Washington (CNN)Secretary of State John Kerry reaffirmed the United States' opposition to torture Wednesday in an apparent attempt to rebut recent comments by Republican presidential candidates.
Kerry pushes back on Trump calls for torture
"I want to remove even a scintilla of doubt or confusion that has been caused by statements that others have made in recent weeks and months," said Kerry, without naming anyone. "The United States is opposed to the use of torture in any form, at any time, by any government or non-state actor."
Last month, GOP presidential front-runner Donald Trump said he was in favor of torture because "we have to beat the savages," adding that he would seek to "broaden" U.S. laws to allow torture, including waterboarding.
His main rival, Texas Sen. Ted Cruz, has said he opposes torture, but has also argued that waterboarding -- which simulates the sensation of drowning -- should not be considered torture.
Kerry made the remarks as the State Department unveiled its annual Human Rights Report, chiding allies and foes alike for committing human rights abuses and denying political freedoms.
Two countries where the U.S. has made significant inroads over the past year, Iran and Cuba, were still taken to task for limiting political opposition and cracking down on dissidents, while Russia also came in for pointed scrutiny.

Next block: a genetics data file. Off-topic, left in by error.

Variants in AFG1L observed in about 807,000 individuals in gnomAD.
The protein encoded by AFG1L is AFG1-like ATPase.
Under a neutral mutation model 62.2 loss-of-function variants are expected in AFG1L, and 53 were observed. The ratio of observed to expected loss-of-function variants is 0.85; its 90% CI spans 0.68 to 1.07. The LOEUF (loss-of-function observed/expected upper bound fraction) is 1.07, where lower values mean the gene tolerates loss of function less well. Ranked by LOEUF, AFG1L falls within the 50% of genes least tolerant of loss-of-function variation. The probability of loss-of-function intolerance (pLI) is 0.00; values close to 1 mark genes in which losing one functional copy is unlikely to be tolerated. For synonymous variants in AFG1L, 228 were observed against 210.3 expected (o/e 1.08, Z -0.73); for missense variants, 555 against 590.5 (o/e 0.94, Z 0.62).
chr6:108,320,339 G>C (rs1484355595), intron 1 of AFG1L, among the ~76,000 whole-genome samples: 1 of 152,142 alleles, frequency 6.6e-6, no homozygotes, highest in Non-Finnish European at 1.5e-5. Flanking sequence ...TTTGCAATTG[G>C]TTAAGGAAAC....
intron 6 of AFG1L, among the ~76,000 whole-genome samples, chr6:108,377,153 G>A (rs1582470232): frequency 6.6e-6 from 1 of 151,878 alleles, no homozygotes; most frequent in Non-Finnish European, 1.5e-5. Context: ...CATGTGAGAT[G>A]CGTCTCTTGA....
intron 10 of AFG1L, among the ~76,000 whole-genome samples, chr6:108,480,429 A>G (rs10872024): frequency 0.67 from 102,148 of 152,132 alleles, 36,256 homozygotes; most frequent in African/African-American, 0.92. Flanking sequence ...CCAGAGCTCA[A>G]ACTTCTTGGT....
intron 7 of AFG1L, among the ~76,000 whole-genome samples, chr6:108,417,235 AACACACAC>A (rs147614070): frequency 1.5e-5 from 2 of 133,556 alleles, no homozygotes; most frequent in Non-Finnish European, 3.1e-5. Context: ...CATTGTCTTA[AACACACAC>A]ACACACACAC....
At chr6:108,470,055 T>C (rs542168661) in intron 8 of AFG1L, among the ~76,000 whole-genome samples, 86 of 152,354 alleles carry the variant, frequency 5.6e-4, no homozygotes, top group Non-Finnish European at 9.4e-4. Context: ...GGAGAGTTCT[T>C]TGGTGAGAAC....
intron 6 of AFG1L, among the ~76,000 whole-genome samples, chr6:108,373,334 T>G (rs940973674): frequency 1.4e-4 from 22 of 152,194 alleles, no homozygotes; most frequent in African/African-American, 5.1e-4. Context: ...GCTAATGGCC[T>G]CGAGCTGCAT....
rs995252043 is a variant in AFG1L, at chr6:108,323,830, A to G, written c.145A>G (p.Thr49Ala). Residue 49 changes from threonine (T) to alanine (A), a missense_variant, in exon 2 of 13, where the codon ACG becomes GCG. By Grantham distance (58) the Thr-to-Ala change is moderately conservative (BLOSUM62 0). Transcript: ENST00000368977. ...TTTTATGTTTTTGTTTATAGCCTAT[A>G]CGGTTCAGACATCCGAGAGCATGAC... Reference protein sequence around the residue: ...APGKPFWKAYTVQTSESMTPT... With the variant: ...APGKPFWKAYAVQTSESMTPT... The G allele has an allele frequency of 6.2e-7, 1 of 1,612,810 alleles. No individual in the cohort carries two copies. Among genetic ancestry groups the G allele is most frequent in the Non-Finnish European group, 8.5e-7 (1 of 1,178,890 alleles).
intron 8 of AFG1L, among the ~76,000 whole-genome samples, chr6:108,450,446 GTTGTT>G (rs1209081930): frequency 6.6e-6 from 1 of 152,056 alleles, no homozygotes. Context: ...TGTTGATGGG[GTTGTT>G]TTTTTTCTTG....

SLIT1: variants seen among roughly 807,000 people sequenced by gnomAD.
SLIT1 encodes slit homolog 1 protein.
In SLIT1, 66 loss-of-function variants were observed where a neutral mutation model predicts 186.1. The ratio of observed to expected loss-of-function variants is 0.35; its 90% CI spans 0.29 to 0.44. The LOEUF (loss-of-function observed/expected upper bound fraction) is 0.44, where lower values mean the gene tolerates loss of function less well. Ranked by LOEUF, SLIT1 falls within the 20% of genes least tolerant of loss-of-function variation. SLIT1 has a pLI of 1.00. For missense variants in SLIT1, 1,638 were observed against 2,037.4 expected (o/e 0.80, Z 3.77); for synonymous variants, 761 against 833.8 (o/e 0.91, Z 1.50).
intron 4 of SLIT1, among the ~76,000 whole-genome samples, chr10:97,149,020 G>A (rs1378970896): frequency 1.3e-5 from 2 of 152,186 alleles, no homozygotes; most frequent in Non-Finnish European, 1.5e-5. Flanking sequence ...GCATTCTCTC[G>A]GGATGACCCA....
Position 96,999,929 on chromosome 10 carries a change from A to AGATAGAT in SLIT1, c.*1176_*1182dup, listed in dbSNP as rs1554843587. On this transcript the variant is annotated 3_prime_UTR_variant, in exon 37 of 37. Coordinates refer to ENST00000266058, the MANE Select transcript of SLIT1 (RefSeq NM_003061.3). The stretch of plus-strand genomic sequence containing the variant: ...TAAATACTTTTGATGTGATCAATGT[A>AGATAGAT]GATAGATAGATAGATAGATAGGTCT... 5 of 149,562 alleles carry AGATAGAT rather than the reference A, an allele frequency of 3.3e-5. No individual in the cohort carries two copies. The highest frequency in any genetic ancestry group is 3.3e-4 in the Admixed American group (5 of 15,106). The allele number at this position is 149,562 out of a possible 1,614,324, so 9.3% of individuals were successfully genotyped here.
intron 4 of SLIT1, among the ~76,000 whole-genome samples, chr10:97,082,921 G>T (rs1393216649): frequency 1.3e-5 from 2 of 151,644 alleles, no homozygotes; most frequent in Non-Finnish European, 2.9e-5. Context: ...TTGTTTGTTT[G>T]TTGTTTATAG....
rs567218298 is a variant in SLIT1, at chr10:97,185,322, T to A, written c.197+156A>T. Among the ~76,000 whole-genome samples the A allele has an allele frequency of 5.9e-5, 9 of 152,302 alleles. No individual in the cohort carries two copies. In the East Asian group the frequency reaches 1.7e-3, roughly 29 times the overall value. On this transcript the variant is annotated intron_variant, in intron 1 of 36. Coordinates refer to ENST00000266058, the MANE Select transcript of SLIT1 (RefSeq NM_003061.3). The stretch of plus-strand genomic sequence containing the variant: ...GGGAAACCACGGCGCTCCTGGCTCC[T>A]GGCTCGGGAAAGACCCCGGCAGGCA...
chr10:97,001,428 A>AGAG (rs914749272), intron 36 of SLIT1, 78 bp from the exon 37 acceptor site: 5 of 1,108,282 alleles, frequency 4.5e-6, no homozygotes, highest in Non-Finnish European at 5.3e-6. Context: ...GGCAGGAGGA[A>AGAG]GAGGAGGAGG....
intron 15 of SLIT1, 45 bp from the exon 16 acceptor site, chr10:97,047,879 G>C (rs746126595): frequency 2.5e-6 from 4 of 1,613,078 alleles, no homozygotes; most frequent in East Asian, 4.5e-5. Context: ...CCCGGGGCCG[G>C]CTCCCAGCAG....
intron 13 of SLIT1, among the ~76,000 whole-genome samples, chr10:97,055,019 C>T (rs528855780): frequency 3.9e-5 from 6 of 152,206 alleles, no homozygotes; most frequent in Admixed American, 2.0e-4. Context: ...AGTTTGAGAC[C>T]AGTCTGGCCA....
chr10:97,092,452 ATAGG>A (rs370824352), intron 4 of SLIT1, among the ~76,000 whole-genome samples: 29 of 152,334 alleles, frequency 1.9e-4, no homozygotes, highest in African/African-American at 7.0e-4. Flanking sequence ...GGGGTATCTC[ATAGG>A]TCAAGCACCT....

In addition, the report called out "non-state actors," including the terror groups ISIS, Boko Haram and al Shabaab, for "shocking abuses of human rights, violations of international humanitarian law, and other criminal acts."
The report, which is broken down by country, offered stark criticism of many countries long condemned by the U.S., including North Korea, where the government of Kim Jong Un "made no known attempts to prosecute officials who committed human rights abuses."
As relations between the U.S. and Russia continue to cool, the report made note of "a range of measures to suppress dissent" in that country, also slamming the government of Vladimir Putin for its continued occupation of Crimea.
And while ties between the U.S. and Iran and Cuba thawed, the countries were not spared criticism.
Just nine months after a U.S. delegation led by Kerry reached an historic nuclear deal with Iran and five world powers, the State Department's report noted "severe restrictions on civil liberties" by Tehran.
On Cuba, the report rebukes the government of Raul Castro for silencing political opposition despite the administration's re-establishment of diplomatic relations with Havana last summer.
"In January the government released 53 political prisoners after official announcements that the United States and Cuba would re-establish diplomatic relations," the report stated. "Six of these prisoners were rearrested for various activities during the course of the year and were given longer-term prison sentences."
U.S. allies were not immune from criticism in the annual report, which is mandated by Congress.
"In Turkey," the report's introduction stated, "the government has used anti-terror laws as well as a law against insulting the president to stifle legitimate political discourse and investigative journalism -- prosecuting journalists and ordinary citizens and driving opposition media outlets out of business or bringing them under state control."
And in Bahrain -- a country Kerry visited just last week -- the report cites a lack of political space and due process.